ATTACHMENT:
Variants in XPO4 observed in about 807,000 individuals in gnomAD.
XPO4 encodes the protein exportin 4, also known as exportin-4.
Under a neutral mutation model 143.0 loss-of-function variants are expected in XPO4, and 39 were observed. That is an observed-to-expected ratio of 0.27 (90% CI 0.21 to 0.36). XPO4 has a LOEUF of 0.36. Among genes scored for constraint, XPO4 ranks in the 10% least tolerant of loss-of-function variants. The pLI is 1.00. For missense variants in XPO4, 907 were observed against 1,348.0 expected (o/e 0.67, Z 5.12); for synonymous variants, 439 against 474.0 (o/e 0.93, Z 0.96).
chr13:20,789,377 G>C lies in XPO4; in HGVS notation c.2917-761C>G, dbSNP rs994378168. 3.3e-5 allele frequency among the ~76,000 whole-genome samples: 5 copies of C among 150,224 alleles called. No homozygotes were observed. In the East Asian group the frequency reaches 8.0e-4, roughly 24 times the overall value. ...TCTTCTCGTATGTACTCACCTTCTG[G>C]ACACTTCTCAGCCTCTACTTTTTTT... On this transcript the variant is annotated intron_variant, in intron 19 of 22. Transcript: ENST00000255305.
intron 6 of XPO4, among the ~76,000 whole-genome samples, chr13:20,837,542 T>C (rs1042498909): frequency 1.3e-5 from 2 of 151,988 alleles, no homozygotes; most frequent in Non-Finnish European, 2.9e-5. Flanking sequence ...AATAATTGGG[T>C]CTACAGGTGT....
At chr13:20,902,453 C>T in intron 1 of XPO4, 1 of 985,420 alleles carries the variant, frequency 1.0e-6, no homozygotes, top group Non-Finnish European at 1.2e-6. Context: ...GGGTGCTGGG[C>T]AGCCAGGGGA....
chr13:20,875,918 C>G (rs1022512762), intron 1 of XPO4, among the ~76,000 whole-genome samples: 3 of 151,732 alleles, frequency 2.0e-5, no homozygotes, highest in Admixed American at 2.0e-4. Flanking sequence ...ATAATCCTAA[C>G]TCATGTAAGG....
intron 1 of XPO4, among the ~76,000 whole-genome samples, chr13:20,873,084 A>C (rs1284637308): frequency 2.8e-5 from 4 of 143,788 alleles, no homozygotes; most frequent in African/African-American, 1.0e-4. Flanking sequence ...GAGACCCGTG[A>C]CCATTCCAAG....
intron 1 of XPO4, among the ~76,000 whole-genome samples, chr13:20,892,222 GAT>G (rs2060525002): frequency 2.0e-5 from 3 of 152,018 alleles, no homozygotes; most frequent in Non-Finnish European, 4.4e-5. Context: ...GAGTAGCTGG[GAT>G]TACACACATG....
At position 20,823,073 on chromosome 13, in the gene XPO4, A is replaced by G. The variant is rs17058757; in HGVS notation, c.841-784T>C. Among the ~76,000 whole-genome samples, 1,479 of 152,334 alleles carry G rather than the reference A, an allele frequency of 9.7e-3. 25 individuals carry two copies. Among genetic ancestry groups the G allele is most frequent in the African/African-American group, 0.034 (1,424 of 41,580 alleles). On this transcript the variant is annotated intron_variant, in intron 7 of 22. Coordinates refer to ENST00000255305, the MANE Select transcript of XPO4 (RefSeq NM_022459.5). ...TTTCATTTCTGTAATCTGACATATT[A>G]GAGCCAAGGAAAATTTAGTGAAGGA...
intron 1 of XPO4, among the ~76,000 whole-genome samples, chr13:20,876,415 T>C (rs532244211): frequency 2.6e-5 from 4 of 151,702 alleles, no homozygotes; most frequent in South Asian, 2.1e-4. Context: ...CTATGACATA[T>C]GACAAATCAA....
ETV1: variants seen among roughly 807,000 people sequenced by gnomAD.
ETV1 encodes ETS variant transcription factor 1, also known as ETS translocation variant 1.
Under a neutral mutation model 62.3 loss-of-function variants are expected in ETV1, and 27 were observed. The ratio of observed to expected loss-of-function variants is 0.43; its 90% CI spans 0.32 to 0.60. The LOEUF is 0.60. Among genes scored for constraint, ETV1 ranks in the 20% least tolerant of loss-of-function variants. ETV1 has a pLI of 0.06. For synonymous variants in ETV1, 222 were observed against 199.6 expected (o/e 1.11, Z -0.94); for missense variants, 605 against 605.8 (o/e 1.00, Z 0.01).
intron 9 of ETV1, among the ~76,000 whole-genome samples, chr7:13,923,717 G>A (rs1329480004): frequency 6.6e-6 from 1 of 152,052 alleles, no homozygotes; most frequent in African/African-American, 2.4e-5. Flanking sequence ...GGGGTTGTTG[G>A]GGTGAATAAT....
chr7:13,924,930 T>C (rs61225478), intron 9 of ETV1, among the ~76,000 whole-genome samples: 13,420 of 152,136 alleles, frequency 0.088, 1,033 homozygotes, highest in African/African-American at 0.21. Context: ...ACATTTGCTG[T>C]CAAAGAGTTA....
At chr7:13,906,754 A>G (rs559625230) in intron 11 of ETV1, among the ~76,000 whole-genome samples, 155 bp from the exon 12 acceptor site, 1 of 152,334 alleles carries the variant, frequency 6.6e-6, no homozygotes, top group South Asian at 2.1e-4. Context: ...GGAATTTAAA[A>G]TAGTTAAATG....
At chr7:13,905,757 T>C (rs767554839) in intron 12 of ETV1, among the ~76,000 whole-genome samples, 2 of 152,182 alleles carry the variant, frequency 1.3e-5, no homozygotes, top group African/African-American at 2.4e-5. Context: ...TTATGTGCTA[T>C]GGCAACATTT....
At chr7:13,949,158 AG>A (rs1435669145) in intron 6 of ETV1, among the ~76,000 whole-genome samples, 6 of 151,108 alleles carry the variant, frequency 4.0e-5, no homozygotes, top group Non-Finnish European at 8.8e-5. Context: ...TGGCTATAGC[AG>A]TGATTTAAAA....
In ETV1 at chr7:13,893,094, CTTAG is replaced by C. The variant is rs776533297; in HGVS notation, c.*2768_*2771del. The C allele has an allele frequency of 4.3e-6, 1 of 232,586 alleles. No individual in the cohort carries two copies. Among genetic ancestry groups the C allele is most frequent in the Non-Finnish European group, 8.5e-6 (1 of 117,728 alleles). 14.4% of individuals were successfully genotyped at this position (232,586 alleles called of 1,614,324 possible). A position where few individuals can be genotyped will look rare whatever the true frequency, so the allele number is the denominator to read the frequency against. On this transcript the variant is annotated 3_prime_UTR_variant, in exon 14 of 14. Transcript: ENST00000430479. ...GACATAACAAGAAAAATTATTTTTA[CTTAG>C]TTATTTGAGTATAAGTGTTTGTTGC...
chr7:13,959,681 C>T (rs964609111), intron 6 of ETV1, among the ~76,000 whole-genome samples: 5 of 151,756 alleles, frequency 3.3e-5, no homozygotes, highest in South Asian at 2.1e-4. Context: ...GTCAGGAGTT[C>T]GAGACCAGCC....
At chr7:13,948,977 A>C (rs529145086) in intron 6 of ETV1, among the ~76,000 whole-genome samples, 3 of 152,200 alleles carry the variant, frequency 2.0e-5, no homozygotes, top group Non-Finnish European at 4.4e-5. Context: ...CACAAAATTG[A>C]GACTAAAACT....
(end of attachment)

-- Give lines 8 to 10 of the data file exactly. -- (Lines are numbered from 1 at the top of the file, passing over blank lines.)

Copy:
intron 1 of XPO4, among the ~76,000 whole-genome samples, chr13:20,873,084 A>C (rs1284637308): frequency 2.8e-5 from 4 of 143,788 alleles, no homozygotes; most frequent in African/African-American, 1.0e-4. Flanking sequence ...GAGACCCGTG[A>C]CCATTCCAAG....
intron 1 of XPO4, among the ~76,000 whole-genome samples, chr13:20,892,222 GAT>G (rs2060525002): frequency 2.0e-5 from 3 of 152,018 alleles, no homozygotes; most frequent in Non-Finnish European, 4.4e-5. Context: ...GAGTAGCTGG[GAT>G]TACACACATG....
At position 20,823,073 on chromosome 13, in the gene XPO4, A is replaced by G. The variant is rs17058757; in HGVS notation, c.841-784T>C. Among the ~76,000 whole-genome samples, 1,479 of 152,334 alleles carry G rather than the reference A, an allele frequency of 9.7e-3. 25 individuals carry two copies. Among genetic ancestry groups the G allele is most frequent in the African/African-American group, 0.034 (1,424 of 41,580 alleles). On this transcript the variant is annotated intron_variant, in intron 7 of 22. Coordinates refer to ENST00000255305, the MANE Select transcript of XPO4 (RefSeq NM_022459.5). ...TTTCATTTCTGTAATCTGACATATT[A>G]GAGCCAAGGAAAATTTAGTGAAGGA...